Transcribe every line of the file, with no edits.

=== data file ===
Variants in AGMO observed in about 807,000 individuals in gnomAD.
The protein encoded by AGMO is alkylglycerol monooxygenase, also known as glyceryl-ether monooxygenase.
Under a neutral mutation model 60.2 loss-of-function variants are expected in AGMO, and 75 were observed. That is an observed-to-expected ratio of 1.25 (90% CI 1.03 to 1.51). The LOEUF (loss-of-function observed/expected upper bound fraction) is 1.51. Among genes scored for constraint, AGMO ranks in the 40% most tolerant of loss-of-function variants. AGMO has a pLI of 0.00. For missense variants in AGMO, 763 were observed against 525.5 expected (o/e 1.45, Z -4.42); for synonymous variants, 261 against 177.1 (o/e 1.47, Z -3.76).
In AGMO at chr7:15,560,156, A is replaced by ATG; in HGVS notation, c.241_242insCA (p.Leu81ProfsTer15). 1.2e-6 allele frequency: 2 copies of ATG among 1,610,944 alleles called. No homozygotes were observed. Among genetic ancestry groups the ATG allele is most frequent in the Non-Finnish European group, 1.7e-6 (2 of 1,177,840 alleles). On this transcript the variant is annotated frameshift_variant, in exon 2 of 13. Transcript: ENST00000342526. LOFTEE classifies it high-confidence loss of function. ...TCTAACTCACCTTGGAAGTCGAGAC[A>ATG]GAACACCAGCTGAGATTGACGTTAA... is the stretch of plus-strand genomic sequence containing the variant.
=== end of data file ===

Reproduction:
Variants in AGMO observed in about 807,000 individuals in gnomAD.
The protein encoded by AGMO is alkylglycerol monooxygenase, also known as glyceryl-ether monooxygenase.
Under a neutral mutation model 60.2 loss-of-function variants are expected in AGMO, and 75 were observed. That is an observed-to-expected ratio of 1.25 (90% CI 1.03 to 1.51). The LOEUF (loss-of-function observed/expected upper bound fraction) is 1.51. Among genes scored for constraint, AGMO ranks in the 40% most tolerant of loss-of-function variants. AGMO has a pLI of 0.00. For missense variants in AGMO, 763 were observed against 525.5 expected (o/e 1.45, Z -4.42); for synonymous variants, 261 against 177.1 (o/e 1.47, Z -3.76).
In AGMO at chr7:15,560,156, A is replaced by ATG; in HGVS notation, c.241_242insCA (p.Leu81ProfsTer15). 1.2e-6 allele frequency: 2 copies of ATG among 1,610,944 alleles called. No homozygotes were observed. Among genetic ancestry groups the ATG allele is most frequent in the Non-Finnish European group, 1.7e-6 (2 of 1,177,840 alleles). On this transcript the variant is annotated frameshift_variant, in exon 2 of 13. Transcript: ENST00000342526. LOFTEE classifies it high-confidence loss of function. ...TCTAACTCACCTTGGAAGTCGAGAC[A>ATG]GAACACCAGCTGAGATTGACGTTAA... is the stretch of plus-strand genomic sequence containing the variant.